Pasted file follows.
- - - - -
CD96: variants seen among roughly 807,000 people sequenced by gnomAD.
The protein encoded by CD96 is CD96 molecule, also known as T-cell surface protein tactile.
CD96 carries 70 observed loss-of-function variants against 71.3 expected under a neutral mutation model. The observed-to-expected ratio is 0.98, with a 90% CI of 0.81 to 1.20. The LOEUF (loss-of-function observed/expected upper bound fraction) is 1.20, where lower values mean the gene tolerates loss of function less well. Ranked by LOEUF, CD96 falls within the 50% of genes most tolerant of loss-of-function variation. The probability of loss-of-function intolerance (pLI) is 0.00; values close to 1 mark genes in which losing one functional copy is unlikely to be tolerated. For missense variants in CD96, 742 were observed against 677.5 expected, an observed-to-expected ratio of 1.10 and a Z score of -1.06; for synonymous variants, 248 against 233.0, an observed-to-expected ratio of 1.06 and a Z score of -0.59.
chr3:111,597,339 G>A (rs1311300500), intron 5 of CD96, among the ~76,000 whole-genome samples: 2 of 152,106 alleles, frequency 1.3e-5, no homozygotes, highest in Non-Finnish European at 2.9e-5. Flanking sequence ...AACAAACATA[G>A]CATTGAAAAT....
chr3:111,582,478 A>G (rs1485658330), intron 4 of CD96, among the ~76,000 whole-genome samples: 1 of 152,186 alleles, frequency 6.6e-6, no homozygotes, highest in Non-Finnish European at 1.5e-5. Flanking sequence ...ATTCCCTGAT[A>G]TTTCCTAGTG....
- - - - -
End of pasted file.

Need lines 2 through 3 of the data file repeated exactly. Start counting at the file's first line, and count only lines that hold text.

The protein encoded by CD96 is CD96 molecule, also known as T-cell surface protein tactile.
CD96 carries 70 observed loss-of-function variants against 71.3 expected under a neutral mutation model. The observed-to-expected ratio is 0.98, with a 90% CI of 0.81 to 1.20. The LOEUF (loss-of-function observed/expected upper bound fraction) is 1.20, where lower values mean the gene tolerates loss of function less well. Ranked by LOEUF, CD96 falls within the 50% of genes most tolerant of loss-of-function variation. The probability of loss-of-function intolerance (pLI) is 0.00; values close to 1 mark genes in which losing one functional copy is unlikely to be tolerated. For missense variants in CD96, 742 were observed against 677.5 expected, an observed-to-expected ratio of 1.10 and a Z score of -1.06; for synonymous variants, 248 against 233.0, an observed-to-expected ratio of 1.06 and a Z score of -0.59.